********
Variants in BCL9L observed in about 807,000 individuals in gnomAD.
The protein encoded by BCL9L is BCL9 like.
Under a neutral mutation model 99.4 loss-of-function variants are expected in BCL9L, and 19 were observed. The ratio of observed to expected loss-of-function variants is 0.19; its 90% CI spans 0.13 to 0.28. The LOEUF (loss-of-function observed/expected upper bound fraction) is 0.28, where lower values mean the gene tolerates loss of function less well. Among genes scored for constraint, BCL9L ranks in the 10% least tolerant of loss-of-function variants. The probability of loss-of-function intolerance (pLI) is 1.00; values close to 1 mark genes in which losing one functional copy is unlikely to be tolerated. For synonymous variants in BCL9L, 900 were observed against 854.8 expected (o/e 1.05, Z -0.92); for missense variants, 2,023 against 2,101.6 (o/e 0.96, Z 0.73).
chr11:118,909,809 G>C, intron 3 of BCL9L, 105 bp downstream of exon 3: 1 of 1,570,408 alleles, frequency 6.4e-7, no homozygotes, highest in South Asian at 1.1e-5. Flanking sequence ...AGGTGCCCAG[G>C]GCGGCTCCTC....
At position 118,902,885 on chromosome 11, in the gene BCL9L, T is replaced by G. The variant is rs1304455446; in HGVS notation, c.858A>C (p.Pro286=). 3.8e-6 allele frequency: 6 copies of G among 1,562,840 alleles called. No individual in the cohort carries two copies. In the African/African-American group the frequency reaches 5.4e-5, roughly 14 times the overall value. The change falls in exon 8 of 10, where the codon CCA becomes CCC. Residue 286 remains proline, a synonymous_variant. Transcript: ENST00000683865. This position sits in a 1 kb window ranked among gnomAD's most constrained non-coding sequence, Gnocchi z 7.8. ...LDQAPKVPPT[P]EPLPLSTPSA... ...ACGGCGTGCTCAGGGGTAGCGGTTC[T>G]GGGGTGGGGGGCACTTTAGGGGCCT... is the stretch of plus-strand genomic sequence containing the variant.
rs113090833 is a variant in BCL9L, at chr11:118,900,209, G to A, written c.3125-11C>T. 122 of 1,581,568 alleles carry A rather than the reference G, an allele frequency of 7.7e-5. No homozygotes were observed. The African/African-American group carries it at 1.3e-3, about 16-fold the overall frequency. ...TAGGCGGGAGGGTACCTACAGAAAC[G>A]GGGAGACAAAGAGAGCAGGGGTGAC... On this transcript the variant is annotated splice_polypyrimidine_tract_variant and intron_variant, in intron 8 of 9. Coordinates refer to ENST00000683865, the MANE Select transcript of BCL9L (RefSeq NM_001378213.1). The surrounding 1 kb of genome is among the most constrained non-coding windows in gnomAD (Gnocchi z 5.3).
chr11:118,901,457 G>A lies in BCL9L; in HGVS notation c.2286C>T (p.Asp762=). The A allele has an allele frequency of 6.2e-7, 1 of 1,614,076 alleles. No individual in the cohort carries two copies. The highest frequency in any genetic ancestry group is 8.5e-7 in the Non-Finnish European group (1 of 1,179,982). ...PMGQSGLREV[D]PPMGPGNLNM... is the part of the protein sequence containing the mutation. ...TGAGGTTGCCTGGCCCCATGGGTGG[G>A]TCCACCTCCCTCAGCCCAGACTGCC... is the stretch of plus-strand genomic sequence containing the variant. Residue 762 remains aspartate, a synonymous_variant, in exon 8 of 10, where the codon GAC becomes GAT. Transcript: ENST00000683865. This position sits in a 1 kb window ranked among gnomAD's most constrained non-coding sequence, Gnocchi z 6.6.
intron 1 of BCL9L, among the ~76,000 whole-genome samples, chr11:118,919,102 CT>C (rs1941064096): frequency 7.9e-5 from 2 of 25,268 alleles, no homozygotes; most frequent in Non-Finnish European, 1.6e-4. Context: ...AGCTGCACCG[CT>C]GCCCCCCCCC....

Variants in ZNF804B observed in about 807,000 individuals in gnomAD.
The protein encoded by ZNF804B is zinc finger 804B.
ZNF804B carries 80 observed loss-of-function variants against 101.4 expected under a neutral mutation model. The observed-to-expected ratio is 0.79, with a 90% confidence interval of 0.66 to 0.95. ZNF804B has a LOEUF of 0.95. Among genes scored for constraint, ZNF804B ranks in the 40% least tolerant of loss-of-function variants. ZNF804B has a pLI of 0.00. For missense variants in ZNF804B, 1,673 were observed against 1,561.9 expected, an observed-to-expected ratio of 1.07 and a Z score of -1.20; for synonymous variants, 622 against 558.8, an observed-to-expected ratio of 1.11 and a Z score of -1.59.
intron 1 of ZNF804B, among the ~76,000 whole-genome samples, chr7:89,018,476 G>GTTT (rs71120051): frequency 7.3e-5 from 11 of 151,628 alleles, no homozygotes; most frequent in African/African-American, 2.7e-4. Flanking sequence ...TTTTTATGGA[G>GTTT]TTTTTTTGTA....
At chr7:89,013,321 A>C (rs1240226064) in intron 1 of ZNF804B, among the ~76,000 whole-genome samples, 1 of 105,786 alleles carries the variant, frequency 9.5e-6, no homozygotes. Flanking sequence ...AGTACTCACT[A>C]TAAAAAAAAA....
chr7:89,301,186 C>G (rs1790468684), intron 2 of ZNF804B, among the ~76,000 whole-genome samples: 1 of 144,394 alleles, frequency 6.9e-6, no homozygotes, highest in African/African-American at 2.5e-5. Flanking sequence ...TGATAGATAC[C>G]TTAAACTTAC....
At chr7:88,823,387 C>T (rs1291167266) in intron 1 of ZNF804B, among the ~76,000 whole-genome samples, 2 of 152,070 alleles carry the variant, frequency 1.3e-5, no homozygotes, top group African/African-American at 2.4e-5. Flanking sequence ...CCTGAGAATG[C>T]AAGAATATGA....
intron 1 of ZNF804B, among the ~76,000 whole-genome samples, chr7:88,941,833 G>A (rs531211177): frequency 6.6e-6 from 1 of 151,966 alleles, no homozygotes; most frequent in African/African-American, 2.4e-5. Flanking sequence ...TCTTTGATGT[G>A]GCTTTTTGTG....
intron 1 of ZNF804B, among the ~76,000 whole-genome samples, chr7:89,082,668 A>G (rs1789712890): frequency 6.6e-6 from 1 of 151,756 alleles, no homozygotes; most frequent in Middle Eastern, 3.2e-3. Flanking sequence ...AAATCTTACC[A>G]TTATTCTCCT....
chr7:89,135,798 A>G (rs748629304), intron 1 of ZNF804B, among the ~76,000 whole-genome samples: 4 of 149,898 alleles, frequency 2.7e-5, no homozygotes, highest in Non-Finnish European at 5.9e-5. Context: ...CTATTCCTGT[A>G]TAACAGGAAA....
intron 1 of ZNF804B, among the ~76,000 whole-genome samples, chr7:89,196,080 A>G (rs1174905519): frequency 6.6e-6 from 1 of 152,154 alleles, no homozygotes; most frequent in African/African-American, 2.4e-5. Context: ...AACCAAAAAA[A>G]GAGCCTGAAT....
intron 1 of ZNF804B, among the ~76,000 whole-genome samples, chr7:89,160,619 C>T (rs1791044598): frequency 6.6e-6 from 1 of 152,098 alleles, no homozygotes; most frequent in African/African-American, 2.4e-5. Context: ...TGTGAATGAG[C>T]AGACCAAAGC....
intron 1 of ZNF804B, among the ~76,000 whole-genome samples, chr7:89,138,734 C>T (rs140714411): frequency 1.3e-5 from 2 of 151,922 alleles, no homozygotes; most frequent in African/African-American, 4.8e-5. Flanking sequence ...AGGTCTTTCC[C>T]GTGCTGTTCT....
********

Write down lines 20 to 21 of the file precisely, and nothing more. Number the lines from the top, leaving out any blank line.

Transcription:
intron 1 of ZNF804B, among the ~76,000 whole-genome samples, chr7:89,160,619 C>T (rs1791044598): frequency 6.6e-6 from 1 of 152,098 alleles, no homozygotes; most frequent in African/African-American, 2.4e-5. Context: ...TGTGAATGAG[C>T]AGACCAAAGC....
intron 1 of ZNF804B, among the ~76,000 whole-genome samples, chr7:89,138,734 C>T (rs140714411): frequency 1.3e-5 from 2 of 151,922 alleles, no homozygotes; most frequent in African/African-American, 4.8e-5. Flanking sequence ...AGGTCTTTCC[C>T]GTGCTGTTCT....